The rustic cabins at the remote ranch tucked into the Sam Houston National Forest have been replaced by hotel rooms near an interstate, a Starbucks and fast food restaurants. Coaches and athletes are prohibited from being alone together during trips to and from national team camps, forcing some to ride share or carpool upon arrival.

Perhaps most telling, the training tables inside The Gymnastics Company are situated right in the middle of the massive steel-structure, not tucked away in a corner.

“We didn’t want to create a back room,” high performance team coordinator Tom Forster said.

Those days are over.

During practice on Monday evening, Annie Heffernan, vice president of the women’s program, sat at a table with Kim Kranz, the organization’s first-ever vice president of athlete health and wellness.

President Li Li Leung, a former collegiate gymnast who came over from the NBA last spring, quietly walked among them, making small talk as she went. Forster — as approachable as Karolyi was aloof — gave the coaches a brief talk and then offered more smiles in 15 minutes than Karolyi did in a given year.

While gymnasts are still rewarded during camps for their performance, national team staff members now have the ability to honor an athlete for things that have nothing to do with chasing perfection.

“It could be an attitude, it could be sportsmanship,” Forster said. “It could be that they came back after that fall and did great. It’s not based on ‘this one’s the best, we have to acknowledge her.’”

The organization has stressed the need for open communication. The members of the 2019 World Championship team were asked to fill out a survey after the competition and share their thoughts on what worked and what didn’t. The same is done after team camps.

“They can complain about anything and anyone that they want to,” Forster said. “They can make it anonymous if they choose or they can say, ‘Hey I want feedback, or ’This is me, and I want to hear from you.’ They can do whatever they wish.”

Measuring any progress is tricky. The organization that long served as the gold standard for the U.S. Olympic movement has lost the benefit of the doubt. Even as it tries to prove how it has evolved over the last three years, the reality is things remain complicated.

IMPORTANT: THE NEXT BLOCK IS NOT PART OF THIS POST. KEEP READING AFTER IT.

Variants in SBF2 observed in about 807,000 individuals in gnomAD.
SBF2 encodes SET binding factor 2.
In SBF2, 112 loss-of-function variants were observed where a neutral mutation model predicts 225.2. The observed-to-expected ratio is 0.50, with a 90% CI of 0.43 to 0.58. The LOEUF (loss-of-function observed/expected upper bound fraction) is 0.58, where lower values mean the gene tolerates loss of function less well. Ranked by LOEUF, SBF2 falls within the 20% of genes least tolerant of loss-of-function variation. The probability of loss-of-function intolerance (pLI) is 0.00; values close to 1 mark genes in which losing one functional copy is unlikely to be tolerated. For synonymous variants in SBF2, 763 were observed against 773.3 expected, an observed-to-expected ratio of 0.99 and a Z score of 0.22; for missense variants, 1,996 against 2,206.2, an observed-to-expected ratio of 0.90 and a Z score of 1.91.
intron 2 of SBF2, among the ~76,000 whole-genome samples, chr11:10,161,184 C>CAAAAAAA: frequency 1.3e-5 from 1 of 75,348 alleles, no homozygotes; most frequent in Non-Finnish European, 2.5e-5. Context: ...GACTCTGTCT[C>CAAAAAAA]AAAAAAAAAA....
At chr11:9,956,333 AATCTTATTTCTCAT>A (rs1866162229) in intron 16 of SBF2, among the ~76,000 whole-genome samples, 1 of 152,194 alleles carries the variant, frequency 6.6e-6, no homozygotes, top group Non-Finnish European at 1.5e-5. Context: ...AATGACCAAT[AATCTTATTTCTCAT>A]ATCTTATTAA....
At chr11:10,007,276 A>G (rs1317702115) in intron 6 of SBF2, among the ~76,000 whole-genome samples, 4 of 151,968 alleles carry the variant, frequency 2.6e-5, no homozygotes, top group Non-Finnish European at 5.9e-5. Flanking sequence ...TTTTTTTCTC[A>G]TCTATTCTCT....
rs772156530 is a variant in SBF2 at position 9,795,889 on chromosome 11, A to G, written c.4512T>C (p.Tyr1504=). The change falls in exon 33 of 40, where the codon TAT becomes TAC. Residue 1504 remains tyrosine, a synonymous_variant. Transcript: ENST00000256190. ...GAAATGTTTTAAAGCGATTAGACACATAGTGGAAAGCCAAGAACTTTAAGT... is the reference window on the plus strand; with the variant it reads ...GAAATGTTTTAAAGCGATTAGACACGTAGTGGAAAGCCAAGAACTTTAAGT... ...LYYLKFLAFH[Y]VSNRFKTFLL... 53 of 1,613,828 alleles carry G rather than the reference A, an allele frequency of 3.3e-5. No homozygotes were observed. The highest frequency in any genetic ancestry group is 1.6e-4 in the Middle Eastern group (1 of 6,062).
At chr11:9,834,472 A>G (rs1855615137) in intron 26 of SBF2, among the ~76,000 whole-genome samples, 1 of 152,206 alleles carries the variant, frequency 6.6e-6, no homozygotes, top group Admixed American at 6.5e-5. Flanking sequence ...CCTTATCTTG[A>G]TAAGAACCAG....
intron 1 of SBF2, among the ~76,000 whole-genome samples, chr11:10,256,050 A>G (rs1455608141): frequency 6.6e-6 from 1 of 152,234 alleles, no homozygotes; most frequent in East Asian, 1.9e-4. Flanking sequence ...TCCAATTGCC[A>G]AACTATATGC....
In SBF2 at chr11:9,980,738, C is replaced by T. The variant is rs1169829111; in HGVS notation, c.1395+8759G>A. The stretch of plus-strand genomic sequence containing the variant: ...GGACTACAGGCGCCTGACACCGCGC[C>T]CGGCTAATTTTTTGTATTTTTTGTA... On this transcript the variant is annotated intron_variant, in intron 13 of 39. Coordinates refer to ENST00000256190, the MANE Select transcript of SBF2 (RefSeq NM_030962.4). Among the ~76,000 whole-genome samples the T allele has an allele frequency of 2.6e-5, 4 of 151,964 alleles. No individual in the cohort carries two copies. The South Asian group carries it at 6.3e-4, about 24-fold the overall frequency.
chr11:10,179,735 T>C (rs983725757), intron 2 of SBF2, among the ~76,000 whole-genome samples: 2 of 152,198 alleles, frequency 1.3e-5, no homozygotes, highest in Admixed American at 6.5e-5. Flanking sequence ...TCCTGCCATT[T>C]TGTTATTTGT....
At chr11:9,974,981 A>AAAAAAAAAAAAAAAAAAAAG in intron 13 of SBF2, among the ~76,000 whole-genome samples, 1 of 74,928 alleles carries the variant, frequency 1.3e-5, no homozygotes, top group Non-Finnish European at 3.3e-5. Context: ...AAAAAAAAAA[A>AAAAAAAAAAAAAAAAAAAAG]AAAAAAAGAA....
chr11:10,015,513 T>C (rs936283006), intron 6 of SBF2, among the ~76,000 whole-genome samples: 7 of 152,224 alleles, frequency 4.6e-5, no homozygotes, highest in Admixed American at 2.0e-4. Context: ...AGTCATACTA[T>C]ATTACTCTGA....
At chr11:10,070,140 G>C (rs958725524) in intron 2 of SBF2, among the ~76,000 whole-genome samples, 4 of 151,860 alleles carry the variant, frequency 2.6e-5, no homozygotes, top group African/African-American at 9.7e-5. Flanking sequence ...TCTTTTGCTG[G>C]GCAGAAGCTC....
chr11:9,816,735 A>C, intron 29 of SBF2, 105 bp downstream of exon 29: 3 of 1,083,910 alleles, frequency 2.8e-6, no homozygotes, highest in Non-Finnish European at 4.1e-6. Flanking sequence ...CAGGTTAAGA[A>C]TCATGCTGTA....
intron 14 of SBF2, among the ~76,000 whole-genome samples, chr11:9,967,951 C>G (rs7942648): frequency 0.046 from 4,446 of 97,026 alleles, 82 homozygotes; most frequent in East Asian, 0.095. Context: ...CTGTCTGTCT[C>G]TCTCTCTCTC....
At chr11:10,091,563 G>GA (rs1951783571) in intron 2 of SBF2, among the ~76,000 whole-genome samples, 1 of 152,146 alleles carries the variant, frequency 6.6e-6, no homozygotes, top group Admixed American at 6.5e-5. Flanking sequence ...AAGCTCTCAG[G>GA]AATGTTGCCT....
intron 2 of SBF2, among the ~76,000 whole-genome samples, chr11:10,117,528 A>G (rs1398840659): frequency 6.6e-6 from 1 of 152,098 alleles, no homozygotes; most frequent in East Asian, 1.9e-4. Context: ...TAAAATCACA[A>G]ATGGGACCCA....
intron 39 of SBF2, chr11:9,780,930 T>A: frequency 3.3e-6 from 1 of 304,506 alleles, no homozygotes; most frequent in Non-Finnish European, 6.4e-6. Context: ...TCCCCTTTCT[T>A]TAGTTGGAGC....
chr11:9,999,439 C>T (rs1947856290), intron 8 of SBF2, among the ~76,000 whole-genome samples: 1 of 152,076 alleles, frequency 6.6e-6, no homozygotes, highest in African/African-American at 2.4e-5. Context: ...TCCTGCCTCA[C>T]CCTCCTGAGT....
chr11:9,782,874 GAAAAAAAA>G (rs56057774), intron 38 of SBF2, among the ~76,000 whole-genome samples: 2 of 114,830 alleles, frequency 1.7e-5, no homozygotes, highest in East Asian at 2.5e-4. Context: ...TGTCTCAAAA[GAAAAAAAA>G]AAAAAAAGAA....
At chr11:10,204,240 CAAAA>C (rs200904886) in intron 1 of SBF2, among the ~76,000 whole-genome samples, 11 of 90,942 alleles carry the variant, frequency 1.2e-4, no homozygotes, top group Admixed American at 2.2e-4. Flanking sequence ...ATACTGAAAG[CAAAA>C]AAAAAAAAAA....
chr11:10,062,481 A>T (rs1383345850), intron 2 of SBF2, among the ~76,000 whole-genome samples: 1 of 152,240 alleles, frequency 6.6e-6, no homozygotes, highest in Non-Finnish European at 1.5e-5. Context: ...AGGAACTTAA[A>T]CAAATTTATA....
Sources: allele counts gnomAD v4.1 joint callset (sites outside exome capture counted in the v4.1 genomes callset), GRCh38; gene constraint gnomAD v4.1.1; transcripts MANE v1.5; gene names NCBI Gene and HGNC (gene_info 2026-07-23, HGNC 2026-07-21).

Two coaches currently under investigation by U.S. SafeSport attended the camp with their athletes this week. Mediators are still trying to work through the bankruptcy petition USA Gymnastics filed in 2018 as a last-ditch effort to avoid decertification by the USOPC. Nassar survivors continue to call for the organization’s dissolution. Money is tight as sponsors wait for the legal process to play out. When the organization started placing equipment inside The Gymnastics Company, it had staffers do most of the lifting rather than hire professional movers.

All of which leaves the young women vying for an Olympic spot in an awkward position.

Most of the gymnasts in the senior elite program have no connection to Karolyi or Nassar, who was dismissed in the summer of 2015. Yet they find themselves serving as a beta test of sorts on whether the culture shift the organization is trying to bring about is actually happening.

Each of the 15 gymnasts interviewed by The Associated Press this week said they feel they have the freedom to express themselves without fear of retribution. Each believe their mental and physical health and safety is considered important. All of them, however, talked with a coach or a member of the USA Gymnastics staff within earshot.

It’s a lot for group of teenagers and 20-somethings to carry around. Yet it doesn’t appear overwhelming. When Grace McCallum inadvertently sailed off the uneven bars during training on Tuesday morning, her group broke out into laughter — McCallum included — as the three-time world championship medalist picked herself up off the mat.

Yet it was just one moment during one practice that happened to be conducted in front of reporters, photographers and video crews. Whether any of this new approach actually sticks will depend on what happens when the cameras aren’t around.

Much like the sport itself, the process will take dedication, discipline and the ability to address mistakes honestly. Two-time Olympic medalist Laurie Hernandez, however, is hopeful it can be done. She went nearly 3 1/2 years between national team camps after winning gold and silver in Rio. The difference between then and now is jarring. In the best way.

“Now we can truly enjoy each other’s company while just relaxing and enjoying our gymnastics,” Hernandez said. “That says a lot about the environment that’s being created for us. … it’s going to take a second. It’s not going to happen overnight. It’s not like we’re going to forget what happened before. But it’s getting there.”